Friday, July 9, 2010


Penny Stocks are any stock that trades below $5 per share. Most financial advisors and long-term investors tend to avoid them completely because of the extremely high risk that comes with owning them. They generally tend to fluctuate wildly in price, and although some report spectacular gains in a matter of a few days [or even hours], those who invest in them are generally surprised when they disappear altogether.

Penny stocks are basically low-priced stocks that sell for anywhere from $1 to $5, and are generally considered speculative. The term "penny stock" (also called microcap or small cap stock) is most commonly used for the stocks priced at under a dollar a share. You will not find companies such as Wal-Mart or Microsoft in the penny stock section, but remember – they were small companies too once upon a time. The savvy investor must look upon penny stock investing as a challenge to find "the next big thing."

Unfortunately, the penny stocks are not the ones covered in sources such as the Dow Jones Utilities Average, the S&P 500, the Wilshire 5000, and the Russell 2000. One great resource in the Reference section of your library is the Walker's Manual of Penny Stocks, now in its third edition, which takes a look at 500 companies that may be good risks if you are interested in penny stock investing. Your broker or financial advisor is also a good resource for information.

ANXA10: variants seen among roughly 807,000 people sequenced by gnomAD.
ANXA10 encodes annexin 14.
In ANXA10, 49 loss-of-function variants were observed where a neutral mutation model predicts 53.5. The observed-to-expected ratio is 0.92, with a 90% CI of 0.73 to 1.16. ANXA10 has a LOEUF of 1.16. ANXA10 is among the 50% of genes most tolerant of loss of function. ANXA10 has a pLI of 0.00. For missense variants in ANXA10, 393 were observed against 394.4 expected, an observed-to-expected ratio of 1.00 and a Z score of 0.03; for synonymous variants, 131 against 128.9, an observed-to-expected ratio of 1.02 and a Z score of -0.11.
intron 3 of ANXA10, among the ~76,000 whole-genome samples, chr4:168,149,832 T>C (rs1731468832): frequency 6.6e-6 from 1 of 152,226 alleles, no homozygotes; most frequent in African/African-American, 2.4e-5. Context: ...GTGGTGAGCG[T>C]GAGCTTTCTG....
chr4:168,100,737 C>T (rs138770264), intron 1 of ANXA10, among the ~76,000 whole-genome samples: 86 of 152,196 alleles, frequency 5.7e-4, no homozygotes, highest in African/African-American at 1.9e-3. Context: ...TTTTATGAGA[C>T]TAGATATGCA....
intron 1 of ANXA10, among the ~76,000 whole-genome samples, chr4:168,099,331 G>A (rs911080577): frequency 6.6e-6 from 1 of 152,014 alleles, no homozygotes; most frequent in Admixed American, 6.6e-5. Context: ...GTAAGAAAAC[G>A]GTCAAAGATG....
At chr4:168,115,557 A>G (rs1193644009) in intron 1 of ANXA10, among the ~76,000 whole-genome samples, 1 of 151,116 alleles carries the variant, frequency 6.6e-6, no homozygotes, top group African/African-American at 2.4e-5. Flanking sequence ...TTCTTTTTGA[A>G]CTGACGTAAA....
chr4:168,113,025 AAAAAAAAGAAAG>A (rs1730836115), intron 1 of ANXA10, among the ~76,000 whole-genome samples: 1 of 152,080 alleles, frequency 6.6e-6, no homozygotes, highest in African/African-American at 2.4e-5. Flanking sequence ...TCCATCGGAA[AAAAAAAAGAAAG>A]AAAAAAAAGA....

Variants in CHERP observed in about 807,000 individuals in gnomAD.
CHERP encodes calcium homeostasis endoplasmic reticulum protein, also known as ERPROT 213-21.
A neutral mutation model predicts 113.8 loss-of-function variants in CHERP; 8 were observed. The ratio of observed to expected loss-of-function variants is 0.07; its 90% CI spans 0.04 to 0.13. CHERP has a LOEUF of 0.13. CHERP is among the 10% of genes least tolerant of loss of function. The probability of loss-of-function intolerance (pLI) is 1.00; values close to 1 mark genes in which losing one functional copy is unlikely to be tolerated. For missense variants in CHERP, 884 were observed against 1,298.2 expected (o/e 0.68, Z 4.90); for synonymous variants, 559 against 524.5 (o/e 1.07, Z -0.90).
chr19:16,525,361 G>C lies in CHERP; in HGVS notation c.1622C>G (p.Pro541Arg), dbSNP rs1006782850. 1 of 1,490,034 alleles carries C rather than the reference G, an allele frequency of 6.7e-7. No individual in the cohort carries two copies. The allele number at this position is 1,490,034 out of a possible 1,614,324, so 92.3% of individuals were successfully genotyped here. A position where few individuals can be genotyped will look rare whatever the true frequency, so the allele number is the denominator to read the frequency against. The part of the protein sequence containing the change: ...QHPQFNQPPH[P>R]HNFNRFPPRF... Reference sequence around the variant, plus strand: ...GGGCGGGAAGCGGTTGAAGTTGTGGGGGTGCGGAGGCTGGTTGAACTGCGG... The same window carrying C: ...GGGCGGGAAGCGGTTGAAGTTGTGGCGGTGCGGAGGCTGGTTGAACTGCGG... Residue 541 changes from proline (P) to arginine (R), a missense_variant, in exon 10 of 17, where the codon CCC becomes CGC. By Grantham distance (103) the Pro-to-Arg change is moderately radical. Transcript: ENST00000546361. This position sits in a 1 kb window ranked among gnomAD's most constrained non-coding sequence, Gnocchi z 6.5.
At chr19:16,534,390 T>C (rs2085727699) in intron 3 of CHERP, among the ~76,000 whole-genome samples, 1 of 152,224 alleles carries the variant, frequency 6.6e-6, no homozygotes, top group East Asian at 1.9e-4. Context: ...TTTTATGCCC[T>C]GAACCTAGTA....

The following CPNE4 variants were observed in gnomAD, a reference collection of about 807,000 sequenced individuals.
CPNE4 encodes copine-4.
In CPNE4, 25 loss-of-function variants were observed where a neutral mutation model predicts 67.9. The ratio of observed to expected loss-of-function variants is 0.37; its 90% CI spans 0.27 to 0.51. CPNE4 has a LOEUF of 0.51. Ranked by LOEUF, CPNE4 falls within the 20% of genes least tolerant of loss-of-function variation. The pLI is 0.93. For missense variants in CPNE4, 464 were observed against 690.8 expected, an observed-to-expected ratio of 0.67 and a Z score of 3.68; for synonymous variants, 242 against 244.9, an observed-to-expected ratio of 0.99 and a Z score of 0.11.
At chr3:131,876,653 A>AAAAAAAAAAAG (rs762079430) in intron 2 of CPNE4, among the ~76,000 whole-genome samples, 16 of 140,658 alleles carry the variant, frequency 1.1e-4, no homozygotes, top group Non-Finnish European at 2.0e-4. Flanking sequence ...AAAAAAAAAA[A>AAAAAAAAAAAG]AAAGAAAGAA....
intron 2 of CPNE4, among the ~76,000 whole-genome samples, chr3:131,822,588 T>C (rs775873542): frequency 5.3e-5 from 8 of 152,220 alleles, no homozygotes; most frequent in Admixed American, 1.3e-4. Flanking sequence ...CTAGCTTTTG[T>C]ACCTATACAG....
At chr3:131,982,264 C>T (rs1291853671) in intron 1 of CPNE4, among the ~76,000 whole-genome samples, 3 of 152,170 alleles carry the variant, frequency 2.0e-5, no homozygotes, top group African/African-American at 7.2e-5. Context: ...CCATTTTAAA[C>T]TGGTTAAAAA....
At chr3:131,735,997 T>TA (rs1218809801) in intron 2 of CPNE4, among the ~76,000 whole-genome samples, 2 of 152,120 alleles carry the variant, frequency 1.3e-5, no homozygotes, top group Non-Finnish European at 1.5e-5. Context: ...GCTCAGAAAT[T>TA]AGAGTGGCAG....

Where do I go to buy a penny stock?
Most penny stocks trade in the "over-the-counter" market (OTC), and are quoted on the OTC systems such as the OTC Bulletin Board (OTCBB) or the Pink Sheets instead of with the NASDAQ or New York Stock Exchange. Before buying even one share, be sure to check out the company's financials. If the company is registered with the SEC, you will find their financial statements on the SEC's website. If a company is not registered with the SEC, check with your state securities regulator before investing. 

What should I look for in a company selling for $5 or less per share?
The same thing you should look for in ANY potential investment: quality, not quantity. Sometimes all you have to go on is whether or not a small company has the potential to turn a profit. Once again, do your homework. Find a company that is small yet profitable, has sound growth potential, and could yield significant gains over time. Other things to look for: the company's valuation, existing revenue stream, financial solvency, longevity and history, profitability, and number of employees. 

What are the pitfalls of penny stock investing? 
Because many of these companies are too small to file financial reports with the SEC, false and erroneous information is often the only kind available, which leads to a large amount of fraud being committed. The lack of public information, no minimum listing standards, and risk are the biggest deterrents to investing in penny stocks. 

How do I get started in investing?
All investing starts with the same thing: careful consideration and study. Check out books from the library on the subject, take classes, do some research online, read financial magazines or newspapers do some kind of preparation to make sure you understand what you are getting into before you write any checks or transfer any funds. If you still aren't comfortable with doing your own investing, you can always call a professional to help you.



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